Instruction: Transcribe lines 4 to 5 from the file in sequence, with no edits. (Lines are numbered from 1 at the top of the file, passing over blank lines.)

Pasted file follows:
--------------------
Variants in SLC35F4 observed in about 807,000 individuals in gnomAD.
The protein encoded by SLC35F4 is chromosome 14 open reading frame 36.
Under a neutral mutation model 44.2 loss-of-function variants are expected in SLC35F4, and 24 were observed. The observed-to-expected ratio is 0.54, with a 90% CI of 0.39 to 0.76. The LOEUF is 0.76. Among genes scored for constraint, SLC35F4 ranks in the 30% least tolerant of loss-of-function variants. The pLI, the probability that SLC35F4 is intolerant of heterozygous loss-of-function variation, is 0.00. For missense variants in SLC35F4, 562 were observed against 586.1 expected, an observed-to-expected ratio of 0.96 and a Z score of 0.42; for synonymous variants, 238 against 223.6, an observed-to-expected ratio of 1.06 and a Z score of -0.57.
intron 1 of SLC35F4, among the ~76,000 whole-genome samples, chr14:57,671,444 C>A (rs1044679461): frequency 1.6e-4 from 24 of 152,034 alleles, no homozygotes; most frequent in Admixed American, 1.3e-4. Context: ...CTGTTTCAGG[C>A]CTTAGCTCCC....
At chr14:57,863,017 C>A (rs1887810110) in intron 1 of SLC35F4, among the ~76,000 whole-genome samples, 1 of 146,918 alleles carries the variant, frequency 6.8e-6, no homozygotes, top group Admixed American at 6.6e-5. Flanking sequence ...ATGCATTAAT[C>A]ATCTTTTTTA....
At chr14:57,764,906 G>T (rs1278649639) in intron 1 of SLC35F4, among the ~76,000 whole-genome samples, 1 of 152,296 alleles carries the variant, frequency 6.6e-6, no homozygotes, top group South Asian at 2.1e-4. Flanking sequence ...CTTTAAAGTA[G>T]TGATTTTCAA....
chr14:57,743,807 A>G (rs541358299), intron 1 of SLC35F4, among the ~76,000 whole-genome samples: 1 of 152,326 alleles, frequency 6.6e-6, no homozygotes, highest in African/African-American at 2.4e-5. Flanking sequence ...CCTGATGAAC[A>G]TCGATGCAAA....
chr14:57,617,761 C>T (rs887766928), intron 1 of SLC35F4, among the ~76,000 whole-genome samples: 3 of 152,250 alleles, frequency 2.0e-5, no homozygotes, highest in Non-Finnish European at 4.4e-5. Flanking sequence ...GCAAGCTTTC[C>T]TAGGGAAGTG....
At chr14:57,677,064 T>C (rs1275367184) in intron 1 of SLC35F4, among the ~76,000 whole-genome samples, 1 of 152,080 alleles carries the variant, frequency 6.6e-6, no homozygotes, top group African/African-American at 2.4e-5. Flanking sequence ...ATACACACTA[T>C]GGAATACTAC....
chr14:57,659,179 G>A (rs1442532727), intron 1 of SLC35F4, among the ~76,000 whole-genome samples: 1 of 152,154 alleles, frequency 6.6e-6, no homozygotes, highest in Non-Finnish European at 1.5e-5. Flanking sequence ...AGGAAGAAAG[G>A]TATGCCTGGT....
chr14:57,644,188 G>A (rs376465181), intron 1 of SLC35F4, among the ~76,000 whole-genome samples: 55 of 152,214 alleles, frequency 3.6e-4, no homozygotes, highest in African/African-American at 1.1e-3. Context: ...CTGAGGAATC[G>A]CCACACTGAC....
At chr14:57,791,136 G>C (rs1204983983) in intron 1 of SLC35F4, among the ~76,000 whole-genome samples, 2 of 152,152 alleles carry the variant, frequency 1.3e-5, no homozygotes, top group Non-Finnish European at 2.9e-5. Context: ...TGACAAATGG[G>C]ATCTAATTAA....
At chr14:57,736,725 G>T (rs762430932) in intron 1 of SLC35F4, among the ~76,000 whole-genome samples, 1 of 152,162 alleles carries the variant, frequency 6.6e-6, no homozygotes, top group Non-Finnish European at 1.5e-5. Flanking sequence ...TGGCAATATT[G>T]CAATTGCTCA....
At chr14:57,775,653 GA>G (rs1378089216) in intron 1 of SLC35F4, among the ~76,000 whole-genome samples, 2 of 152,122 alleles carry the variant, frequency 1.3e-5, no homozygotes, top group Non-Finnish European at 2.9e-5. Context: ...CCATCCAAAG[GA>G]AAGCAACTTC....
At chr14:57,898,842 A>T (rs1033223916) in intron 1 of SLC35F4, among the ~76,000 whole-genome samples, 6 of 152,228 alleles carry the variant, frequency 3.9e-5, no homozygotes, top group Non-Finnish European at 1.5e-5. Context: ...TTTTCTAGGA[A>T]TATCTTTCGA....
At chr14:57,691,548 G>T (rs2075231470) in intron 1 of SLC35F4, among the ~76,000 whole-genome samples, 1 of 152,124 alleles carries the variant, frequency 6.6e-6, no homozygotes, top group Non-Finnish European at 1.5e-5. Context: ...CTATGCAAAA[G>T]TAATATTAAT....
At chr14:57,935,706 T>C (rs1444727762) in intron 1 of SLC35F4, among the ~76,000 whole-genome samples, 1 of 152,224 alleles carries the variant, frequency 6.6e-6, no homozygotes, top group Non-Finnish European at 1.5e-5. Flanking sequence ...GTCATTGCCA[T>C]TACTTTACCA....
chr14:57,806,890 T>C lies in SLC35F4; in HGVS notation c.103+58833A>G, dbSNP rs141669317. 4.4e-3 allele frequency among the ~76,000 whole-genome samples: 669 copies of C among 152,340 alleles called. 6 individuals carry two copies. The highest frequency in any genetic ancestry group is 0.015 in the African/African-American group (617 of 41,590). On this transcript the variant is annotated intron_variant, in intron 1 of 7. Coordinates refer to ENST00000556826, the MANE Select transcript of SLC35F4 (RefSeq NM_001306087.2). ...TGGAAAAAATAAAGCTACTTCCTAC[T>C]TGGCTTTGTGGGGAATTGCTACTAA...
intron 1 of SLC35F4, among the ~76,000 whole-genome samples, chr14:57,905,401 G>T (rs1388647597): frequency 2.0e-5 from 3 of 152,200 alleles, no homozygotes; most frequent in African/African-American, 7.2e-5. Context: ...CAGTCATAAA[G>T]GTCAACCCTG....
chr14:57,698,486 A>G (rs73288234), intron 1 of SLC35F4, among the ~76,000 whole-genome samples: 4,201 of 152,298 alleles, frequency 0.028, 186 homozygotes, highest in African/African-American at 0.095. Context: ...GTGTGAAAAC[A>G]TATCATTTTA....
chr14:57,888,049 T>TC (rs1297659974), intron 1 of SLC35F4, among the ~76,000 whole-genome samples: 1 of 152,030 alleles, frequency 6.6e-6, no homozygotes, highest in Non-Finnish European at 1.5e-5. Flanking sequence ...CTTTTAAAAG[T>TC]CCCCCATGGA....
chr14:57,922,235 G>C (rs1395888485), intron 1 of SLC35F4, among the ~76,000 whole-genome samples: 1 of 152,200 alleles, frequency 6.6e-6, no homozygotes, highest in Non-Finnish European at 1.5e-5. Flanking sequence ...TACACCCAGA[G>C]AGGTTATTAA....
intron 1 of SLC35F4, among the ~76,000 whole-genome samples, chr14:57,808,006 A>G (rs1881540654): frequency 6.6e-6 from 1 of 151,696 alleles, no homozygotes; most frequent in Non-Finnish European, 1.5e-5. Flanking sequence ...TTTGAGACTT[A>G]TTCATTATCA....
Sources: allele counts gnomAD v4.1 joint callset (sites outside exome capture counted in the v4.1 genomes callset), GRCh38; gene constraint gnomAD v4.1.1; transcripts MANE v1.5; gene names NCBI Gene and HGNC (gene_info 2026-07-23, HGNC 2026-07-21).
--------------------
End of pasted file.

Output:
intron 1 of SLC35F4, among the ~76,000 whole-genome samples, chr14:57,671,444 C>A (rs1044679461): frequency 1.6e-4 from 24 of 152,034 alleles, no homozygotes; most frequent in Admixed American, 1.3e-4. Context: ...CTGTTTCAGG[C>A]CTTAGCTCCC....
At chr14:57,863,017 C>A (rs1887810110) in intron 1 of SLC35F4, among the ~76,000 whole-genome samples, 1 of 146,918 alleles carries the variant, frequency 6.8e-6, no homozygotes, top group Admixed American at 6.6e-5. Flanking sequence ...ATGCATTAAT[C>A]ATCTTTTTTA....